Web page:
“I certainly have been dissatisfied, he said, "with Buell and McClellan; but before I relieved them I had great fears I should not find successors to them who would do better; and I am sorry to add I have seen little since to relieve those fears.” One bloody and costly experiment had already failed at Manassas. Two others were soon to result even more disastrously; and still another leader was to be superseded, before the man of destiny" came.

McClellan had thrown away superb opportunities; but to turn him out was not to fill his place with an abler man.

On the evening of November 7, 1862, the dispatch came which relieved McClellan and put Burnside in command. The moment was not well chosen. McClellan seemed in an unusually energetic temper. He had Lee's army divided, and was conceivably on the verge of fighting it in detail. On the other hand, Burnside assumed the charge with reluctance and self-distrust. A handsome, popular gentleman, of pleasing manners and with the prestige of some easily won successes, he had the misfortune to be too highly esteemed.

The change of commanders brought a change of scheme, which was now to advance upon Richmond by way of Fredericksburg. When this was submitted to the President he said that it might succeed if the movement was rapid, otherwise not. The half of this opinion which concerned success was never tested; the other half was made painfully good. Instead of rapidity there was great delay, with the result that the early days of December found Lee intrenching strongly upon the heights behind Fredericksburg on the south bank of the Rappahannock, having his army now reunited and reinforced to the formidable strength of 78,288 men “present for duty.” Burnside lay upon the north bank, with 113,000 men, but having exchanged the promising advantages which had existed when he took command for very serious disadvantages. He had the burden of attacking a position which he had allowed his enemy not only to select but to fortify. Happily it is not our task to describe the cruel and sanguinary thirteenth day of December, 1862, when he undertook this desperate task. When that night fell at the close of a fearful combat, which had been rather a series of blunders than an intelligent plan, 10,208 Federal soldiers were known to be lying killed or wounded, while 2145 more were “missing.” Such was the awful price which the brave Northern army had paid, and by which it had bought nothing! Nothing, save the knowledge that General Burnside's estimate of his capacity for such high command was correct. Even the mere brutal comparison of “killed and wounded” showed that among the Confederates the number of men who had been hit was not quite half that of the Federal loss. The familiar principle, that in war a general should so contrive as to do the maximum of injury to his adversary with a minimum of injury to himself, had been directly reversed; the unfortunate commander had done the maximum of injury to himself with the minimum of injury to his foe.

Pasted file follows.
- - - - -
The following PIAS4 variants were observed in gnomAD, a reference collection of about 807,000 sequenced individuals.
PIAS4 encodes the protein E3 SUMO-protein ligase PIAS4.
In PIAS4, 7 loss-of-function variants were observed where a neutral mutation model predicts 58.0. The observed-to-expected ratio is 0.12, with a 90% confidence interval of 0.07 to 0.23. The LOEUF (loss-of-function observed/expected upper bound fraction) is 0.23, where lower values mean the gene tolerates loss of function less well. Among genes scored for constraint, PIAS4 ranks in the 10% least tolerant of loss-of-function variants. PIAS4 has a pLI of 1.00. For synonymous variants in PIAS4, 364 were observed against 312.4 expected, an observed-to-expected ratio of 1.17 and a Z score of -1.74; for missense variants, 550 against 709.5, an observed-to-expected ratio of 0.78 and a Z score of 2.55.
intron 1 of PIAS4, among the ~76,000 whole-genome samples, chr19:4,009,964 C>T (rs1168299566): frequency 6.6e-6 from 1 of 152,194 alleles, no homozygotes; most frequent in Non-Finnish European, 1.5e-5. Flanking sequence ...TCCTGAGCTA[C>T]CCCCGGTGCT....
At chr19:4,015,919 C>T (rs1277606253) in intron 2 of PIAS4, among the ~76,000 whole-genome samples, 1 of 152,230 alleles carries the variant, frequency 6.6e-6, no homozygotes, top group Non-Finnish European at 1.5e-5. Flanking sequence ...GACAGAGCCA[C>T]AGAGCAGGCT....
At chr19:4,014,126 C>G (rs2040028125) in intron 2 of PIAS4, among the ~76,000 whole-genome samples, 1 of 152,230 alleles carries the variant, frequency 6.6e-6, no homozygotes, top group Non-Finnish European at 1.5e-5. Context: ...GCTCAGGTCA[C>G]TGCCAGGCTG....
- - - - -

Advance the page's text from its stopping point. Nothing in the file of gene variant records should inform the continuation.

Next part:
1 Palfrey, The Antietam and Fredericksburg, 132.

The behavior of Burnside in so bitter a trial was such as to attract sympathy. Yet his army had lost confidence in his leadership, and therefore suffered dangerously in morale. Many officers whispered their opinions in Washington, and, as